Interim Assessment

Interim Assessment

  • Interim assessment (2 module)
    There will be no interim assessment in the 2nd module
  • Interim assessment (3 module)
    0.4 * Final paper + 0.2 * In-class Participation + 0.2 * Position paper 1 + 0.2 * Position paper 2
Bibliography

Bibliography

Recommended Core Bibliography

  • Halperin, S. (DE-588)171616154, (DE-627)061837849, (DE-576)177909633, aut. (2012). Political research methods and practical skills Sandra Halperin and Oliver Heath.
  • McDermott, R. (2002). Experimental Methodology in Political Science. https://doi.org/10.1093/pan/10.4.325
  • Outhwaite, W., & Turner, S. P. (2007). The SAGE Handbook of Social Science Methodology. SAGE Publications Ltd.
  • Schram, S., & Caterino, B. (2006). Making Political Science Matter : Debating Knowledge, Research, and Method. New York: NYU Press. Retrieved from http://search.ebscohost.com/login.aspx?direct=true&site=eds-live&db=edsebk&AN=200938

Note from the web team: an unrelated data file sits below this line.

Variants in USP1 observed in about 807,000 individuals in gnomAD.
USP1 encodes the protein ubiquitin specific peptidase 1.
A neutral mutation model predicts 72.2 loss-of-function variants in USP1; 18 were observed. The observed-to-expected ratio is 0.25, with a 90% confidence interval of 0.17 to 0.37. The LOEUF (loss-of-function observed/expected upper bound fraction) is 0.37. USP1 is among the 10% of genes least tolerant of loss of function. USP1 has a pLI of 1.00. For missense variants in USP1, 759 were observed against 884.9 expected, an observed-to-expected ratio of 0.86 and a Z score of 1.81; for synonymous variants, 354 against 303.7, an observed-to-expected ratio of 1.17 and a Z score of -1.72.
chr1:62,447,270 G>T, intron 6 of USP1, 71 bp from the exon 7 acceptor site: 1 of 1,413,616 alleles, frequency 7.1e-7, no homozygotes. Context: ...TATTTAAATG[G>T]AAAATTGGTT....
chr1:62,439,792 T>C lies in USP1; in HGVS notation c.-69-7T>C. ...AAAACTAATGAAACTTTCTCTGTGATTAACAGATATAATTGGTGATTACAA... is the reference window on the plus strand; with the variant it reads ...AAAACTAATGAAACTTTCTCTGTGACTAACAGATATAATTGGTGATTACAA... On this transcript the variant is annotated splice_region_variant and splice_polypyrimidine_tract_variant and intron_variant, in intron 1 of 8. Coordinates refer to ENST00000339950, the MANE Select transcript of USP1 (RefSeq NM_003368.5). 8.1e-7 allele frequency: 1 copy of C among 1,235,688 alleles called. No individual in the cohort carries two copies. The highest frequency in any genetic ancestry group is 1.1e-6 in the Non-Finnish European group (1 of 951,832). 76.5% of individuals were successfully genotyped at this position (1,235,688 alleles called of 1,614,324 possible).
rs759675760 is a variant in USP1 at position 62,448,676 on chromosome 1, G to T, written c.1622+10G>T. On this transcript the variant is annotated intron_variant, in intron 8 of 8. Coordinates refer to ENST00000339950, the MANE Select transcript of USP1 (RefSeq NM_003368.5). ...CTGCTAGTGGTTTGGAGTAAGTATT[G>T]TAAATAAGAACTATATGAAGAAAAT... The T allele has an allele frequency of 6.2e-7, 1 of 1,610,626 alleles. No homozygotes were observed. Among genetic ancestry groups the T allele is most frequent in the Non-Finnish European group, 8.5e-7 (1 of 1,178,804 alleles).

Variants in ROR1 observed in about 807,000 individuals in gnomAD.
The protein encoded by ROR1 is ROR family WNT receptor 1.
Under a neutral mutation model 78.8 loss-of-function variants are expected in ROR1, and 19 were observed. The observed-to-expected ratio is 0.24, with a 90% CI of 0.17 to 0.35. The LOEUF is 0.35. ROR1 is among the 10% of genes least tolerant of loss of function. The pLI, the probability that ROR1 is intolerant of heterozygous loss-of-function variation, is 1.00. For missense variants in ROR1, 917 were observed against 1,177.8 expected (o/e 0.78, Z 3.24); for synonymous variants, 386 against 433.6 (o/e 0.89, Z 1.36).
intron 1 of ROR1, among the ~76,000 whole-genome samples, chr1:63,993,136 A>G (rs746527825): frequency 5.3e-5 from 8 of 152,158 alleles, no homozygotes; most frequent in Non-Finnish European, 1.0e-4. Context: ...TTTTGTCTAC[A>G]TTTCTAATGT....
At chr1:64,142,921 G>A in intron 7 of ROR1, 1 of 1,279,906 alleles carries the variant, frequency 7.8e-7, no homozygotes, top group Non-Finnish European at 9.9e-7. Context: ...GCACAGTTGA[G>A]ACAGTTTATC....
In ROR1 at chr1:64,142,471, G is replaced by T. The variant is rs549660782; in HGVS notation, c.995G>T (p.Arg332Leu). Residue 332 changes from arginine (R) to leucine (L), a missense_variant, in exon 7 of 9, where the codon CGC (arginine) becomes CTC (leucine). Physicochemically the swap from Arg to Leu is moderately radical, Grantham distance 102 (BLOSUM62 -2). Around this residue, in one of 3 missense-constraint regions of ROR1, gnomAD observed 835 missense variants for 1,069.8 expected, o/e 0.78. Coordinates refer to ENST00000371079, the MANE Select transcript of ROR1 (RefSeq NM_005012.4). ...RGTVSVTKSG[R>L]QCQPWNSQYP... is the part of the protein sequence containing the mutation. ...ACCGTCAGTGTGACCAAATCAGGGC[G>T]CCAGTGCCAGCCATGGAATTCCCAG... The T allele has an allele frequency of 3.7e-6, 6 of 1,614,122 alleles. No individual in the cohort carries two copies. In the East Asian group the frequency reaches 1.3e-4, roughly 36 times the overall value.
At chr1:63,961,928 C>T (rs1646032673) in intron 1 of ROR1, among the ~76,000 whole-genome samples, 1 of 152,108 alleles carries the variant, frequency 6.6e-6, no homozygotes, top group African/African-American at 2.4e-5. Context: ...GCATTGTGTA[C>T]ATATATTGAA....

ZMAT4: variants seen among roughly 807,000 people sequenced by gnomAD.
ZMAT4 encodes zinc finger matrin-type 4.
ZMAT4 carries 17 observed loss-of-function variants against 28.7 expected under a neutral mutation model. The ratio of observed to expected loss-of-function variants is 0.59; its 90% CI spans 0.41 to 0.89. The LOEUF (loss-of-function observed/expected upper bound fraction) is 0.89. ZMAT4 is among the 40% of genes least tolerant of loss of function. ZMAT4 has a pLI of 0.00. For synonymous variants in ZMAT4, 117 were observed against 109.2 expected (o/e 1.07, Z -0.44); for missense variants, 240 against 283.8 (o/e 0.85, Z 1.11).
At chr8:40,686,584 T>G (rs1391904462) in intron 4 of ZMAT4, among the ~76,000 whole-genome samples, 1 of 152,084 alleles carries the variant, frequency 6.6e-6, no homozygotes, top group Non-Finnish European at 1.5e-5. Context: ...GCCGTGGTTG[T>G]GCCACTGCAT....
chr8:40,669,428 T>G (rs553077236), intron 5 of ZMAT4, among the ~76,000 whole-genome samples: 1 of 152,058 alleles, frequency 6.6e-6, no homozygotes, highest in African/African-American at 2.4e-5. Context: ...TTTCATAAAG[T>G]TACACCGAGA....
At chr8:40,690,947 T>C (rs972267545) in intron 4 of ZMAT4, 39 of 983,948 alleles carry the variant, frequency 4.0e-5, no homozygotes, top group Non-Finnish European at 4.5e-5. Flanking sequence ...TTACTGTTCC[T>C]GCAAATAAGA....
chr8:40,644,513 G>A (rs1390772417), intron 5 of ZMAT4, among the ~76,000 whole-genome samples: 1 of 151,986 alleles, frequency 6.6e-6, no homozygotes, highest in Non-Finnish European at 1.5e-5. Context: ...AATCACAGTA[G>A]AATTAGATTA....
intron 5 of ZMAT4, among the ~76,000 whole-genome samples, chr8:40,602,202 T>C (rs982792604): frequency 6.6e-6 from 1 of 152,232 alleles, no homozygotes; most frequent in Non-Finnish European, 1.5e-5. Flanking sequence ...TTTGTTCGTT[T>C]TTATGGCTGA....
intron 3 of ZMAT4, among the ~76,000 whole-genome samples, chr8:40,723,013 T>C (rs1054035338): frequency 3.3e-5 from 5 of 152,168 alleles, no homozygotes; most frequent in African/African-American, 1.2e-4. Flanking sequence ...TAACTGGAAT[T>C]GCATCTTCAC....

Recommended Additional Bibliography

  • Bernard, H. R. (2017). Research Methods in Anthropology : Qualitative and Quantitative Approaches (Vol. Sixth Edition). Lanham, Maryland: Rowman & Littlefield Publishers. Retrieved from http://search.ebscohost.com/login.aspx?direct=true&site=eds-live&db=edsebk&AN=1621755
  • Heck, R. H. (2004). Studying Educational and Social Policy : Theoretical Concepts and Research Methods. Mahwah, N.J.: Routledge. Retrieved from http://search.ebscohost.com/login.aspx?direct=true&site=eds-live&db=edsebk&AN=113815
  • Ragin, C. C. (2013). The Comparative Method : Moving Beyond Qualitative and Quantitative Strategies. Oakland, California: University of California Press. Retrieved from http://search.ebscohost.com/login.aspx?direct=true&site=eds-live&db=edsebk&AN=784602